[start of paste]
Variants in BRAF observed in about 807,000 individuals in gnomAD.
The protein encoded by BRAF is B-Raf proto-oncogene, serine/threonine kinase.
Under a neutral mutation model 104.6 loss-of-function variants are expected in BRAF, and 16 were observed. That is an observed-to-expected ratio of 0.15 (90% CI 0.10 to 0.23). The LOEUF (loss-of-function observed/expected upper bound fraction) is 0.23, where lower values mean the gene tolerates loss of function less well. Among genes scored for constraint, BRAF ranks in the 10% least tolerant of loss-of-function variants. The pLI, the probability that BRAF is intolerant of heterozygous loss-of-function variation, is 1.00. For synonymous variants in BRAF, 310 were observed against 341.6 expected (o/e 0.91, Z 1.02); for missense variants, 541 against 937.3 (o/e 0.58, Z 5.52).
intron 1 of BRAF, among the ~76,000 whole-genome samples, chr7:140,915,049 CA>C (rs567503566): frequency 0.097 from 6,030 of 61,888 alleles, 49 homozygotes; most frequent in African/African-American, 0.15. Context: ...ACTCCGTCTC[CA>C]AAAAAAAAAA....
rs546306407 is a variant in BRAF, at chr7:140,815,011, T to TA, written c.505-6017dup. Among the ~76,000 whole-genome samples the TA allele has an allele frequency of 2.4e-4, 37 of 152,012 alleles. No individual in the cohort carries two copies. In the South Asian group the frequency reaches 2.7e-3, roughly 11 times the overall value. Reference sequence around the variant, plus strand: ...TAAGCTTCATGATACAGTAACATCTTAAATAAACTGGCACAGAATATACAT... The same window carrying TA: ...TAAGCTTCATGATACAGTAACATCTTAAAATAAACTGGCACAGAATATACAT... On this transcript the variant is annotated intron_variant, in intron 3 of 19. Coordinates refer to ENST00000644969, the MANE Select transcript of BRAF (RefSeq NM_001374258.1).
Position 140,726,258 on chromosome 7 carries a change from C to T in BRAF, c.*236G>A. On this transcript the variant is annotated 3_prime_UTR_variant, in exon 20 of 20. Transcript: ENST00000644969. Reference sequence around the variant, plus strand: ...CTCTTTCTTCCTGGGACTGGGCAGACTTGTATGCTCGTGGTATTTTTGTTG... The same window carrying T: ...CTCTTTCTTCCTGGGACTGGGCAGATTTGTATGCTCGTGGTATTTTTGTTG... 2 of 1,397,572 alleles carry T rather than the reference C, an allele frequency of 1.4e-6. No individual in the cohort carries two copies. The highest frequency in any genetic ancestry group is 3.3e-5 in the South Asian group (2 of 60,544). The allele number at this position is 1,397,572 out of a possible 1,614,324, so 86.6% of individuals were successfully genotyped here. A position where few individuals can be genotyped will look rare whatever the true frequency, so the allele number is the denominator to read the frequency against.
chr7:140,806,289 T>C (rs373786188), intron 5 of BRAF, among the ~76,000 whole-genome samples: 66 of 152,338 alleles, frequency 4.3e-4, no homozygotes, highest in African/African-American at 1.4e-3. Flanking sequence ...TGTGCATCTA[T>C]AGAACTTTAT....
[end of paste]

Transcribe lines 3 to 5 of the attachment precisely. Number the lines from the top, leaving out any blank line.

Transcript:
Under a neutral mutation model 104.6 loss-of-function variants are expected in BRAF, and 16 were observed. That is an observed-to-expected ratio of 0.15 (90% CI 0.10 to 0.23). The LOEUF (loss-of-function observed/expected upper bound fraction) is 0.23, where lower values mean the gene tolerates loss of function less well. Among genes scored for constraint, BRAF ranks in the 10% least tolerant of loss-of-function variants. The pLI, the probability that BRAF is intolerant of heterozygous loss-of-function variation, is 1.00. For synonymous variants in BRAF, 310 were observed against 341.6 expected (o/e 0.91, Z 1.02); for missense variants, 541 against 937.3 (o/e 0.58, Z 5.52).
intron 1 of BRAF, among the ~76,000 whole-genome samples, chr7:140,915,049 CA>C (rs567503566): frequency 0.097 from 6,030 of 61,888 alleles, 49 homozygotes; most frequent in African/African-American, 0.15. Context: ...ACTCCGTCTC[CA>C]AAAAAAAAAA....
rs546306407 is a variant in BRAF, at chr7:140,815,011, T to TA, written c.505-6017dup. Among the ~76,000 whole-genome samples the TA allele has an allele frequency of 2.4e-4, 37 of 152,012 alleles. No individual in the cohort carries two copies. In the South Asian group the frequency reaches 2.7e-3, roughly 11 times the overall value. Reference sequence around the variant, plus strand: ...TAAGCTTCATGATACAGTAACATCTTAAATAAACTGGCACAGAATATACAT... The same window carrying TA: ...TAAGCTTCATGATACAGTAACATCTTAAAATAAACTGGCACAGAATATACAT... On this transcript the variant is annotated intron_variant, in intron 3 of 19. Coordinates refer to ENST00000644969, the MANE Select transcript of BRAF (RefSeq NM_001374258.1).